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It’s time to ban demolition and design for deconstruction

Oliver Wainright of the Guardian calls for a rethink of the way we put buildings together and take them apart.

“Ban Demolition” is a tag on TreeHugger because we have long argued for renovation and reuse, especially in this era when we worry about the upfront carbon emissions of new construction. Oliver Wainwright of the Guardian is on this case too with The case for… never demolishing another building.

In the UK, the construction industry accounts for 60% of all materials used, while creating a third of all waste and generating 45% of all CO2 emissions in the process. It is a greedy, profligate and polluting monster, gobbling up resources and spitting out the remains in intractable lumps.

But Wainwright goes way beyond just renovation and reuse of existing buildings; he calls for a complete rethink of how we build new buildings, and looks at the work of Dutch architects Thomas Rau, who designs for disassembly, so that every part can be recovered.

His firm recently put the principle into practice with its new headquarters for Triodos, Europe’s leading ethical bank, which he says is the world’s first totally demountable office building. With a structure made entirely from wood, it has been designed with mechanical fixings so that every element can be reused, with all material logged and designed for easy disassembly.

(It's not the first; look at Alberto Mozó's BIP building in Santiago, Chile. I wrote about it: “Every building should be designed for deconstruction; cities change, climates change, resources and materials get expensive.”)

On thing that has changed since the BIP is BIM: Building Information Modeling, all the materials in a building can be easily tracked for reuse, being “merely another layer of data that can be easily incorporated and tracked throughout a building’s life.” It can change the way you think about buildings and materials.

Taking reuse to its logical conclusion, Rau sees a future where every part of a building would be treated as a temporary service, rather than owned. From the facade to the lightbulbs, each element would be rented from the manufacturer, who would be responsible for providing the best possible performance and continual upkeep, as well as dealing with the material at the end of its life.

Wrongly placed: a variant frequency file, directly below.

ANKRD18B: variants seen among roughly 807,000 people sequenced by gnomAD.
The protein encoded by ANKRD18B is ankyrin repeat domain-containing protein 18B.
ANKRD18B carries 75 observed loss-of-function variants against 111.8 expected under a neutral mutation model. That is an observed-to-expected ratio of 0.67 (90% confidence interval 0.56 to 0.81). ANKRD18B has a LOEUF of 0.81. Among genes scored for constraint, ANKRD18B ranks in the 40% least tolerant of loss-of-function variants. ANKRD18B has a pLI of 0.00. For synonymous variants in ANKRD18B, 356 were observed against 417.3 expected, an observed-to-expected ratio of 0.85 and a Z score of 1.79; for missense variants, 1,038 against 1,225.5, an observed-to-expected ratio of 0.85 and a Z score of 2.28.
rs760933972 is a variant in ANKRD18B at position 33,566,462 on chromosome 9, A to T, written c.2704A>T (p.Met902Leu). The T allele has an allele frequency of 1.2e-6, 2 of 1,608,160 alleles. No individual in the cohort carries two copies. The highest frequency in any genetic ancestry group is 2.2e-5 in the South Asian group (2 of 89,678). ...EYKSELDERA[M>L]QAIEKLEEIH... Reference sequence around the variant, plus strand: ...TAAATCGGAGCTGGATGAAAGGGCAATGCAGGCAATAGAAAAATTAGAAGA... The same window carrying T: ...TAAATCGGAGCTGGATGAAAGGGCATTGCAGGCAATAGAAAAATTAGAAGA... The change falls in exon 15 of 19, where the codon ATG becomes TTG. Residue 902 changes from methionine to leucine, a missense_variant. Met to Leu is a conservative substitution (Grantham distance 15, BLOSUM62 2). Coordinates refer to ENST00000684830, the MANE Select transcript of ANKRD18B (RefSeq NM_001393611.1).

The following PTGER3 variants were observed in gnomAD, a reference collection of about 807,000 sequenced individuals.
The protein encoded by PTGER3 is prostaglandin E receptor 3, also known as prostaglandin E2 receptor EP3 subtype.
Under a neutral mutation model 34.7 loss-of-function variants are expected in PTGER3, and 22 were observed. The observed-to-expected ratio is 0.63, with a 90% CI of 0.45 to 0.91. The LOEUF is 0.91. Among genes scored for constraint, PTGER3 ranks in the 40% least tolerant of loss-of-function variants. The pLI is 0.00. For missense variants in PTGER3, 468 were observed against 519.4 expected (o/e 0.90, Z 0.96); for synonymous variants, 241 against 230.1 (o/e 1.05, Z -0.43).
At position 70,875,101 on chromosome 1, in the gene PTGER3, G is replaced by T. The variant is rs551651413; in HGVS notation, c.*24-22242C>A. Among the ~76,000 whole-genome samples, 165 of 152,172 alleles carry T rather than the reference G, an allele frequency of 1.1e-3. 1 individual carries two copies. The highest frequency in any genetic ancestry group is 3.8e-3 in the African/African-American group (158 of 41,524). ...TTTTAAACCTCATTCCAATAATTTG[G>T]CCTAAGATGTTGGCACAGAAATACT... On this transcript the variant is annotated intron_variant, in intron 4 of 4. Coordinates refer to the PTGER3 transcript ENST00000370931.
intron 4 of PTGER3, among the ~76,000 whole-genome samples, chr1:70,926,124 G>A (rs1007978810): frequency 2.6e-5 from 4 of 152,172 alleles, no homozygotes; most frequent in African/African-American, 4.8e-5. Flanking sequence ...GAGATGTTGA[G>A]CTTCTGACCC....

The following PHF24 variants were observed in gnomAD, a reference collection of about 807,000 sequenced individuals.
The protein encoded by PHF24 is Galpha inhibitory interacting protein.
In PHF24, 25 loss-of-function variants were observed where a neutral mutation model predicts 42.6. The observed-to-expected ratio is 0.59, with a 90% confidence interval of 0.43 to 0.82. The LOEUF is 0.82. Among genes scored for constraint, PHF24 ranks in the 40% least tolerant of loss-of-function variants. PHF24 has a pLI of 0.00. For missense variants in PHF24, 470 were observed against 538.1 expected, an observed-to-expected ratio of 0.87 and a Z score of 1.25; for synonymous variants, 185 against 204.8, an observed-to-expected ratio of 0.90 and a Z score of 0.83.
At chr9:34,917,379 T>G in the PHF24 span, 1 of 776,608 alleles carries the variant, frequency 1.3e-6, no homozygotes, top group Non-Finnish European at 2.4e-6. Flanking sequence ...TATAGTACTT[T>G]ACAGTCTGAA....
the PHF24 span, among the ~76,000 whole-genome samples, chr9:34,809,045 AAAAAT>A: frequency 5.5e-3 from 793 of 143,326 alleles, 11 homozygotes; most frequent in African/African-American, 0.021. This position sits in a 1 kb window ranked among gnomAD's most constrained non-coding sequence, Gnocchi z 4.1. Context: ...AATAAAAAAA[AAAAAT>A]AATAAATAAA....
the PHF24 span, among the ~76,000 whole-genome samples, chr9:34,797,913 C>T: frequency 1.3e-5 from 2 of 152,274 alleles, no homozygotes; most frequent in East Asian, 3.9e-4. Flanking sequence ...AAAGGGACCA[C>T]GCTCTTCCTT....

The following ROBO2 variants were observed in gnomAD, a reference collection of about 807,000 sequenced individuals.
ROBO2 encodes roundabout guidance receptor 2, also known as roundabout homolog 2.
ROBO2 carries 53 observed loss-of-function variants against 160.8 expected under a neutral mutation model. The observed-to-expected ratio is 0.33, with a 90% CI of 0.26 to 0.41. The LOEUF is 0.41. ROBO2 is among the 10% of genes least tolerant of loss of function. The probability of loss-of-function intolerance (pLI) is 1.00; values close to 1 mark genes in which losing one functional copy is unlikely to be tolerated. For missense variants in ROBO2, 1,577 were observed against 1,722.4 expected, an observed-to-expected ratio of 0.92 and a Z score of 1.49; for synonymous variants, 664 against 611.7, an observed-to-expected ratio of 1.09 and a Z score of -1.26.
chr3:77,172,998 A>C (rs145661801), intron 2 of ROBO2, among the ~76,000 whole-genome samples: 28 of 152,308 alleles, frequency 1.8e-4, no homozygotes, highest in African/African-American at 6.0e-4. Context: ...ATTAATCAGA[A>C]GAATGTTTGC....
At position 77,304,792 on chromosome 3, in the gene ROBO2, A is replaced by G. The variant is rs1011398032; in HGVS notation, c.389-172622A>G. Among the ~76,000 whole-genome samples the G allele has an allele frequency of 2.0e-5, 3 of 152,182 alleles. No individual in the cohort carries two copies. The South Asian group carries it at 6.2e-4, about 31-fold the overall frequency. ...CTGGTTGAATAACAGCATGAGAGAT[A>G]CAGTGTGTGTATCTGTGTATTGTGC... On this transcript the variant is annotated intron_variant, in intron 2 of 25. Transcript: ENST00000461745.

This was tried years ago by Interface, with their “Evergreen Lease” model; it failed because carpet is a capital cost, but renting carpet as service is an operating cost. In fact, tax implications like depreciation are a major reason buildings get demolished instead of renovated; it has been written off for tax purposes. So we really need a tax overhaul to be able to consider building components a “product as service.”

Unity HomesAn open-built house designed for disassembly/ Lloyd Alter/CC BY 2.0

In fact, all building components should be as easy to replace as carpet tiles. Tedd Benson of Bensonwood and Unity Homes uses what he calls “Open-built design,” based on the work of Stewart Brand and dutch architect John Habraken. It takes into account the fact that building systems age at different rates. Tedd doesn't even put wiring in the walls, but in accessible chases; “The simple act of disentangling the wiring from the structure and insulation layer allows you to upgrade, change, or replace a 20-year-lifespan electrical system when new technology arises without affecting a 300-year structure.”

When we talked “ban demolition” before, it as all about refurbishing and reusing existing buildings. Wainright's meaning is much more sophisticated; we may not keep every building forever, but if they are designed for deconstruction we can keep using all the parts. That's the way to truly ban demolition.

Oliver Wainright of the Guardian calls for a rethink of the way we put buildings together and take them apart.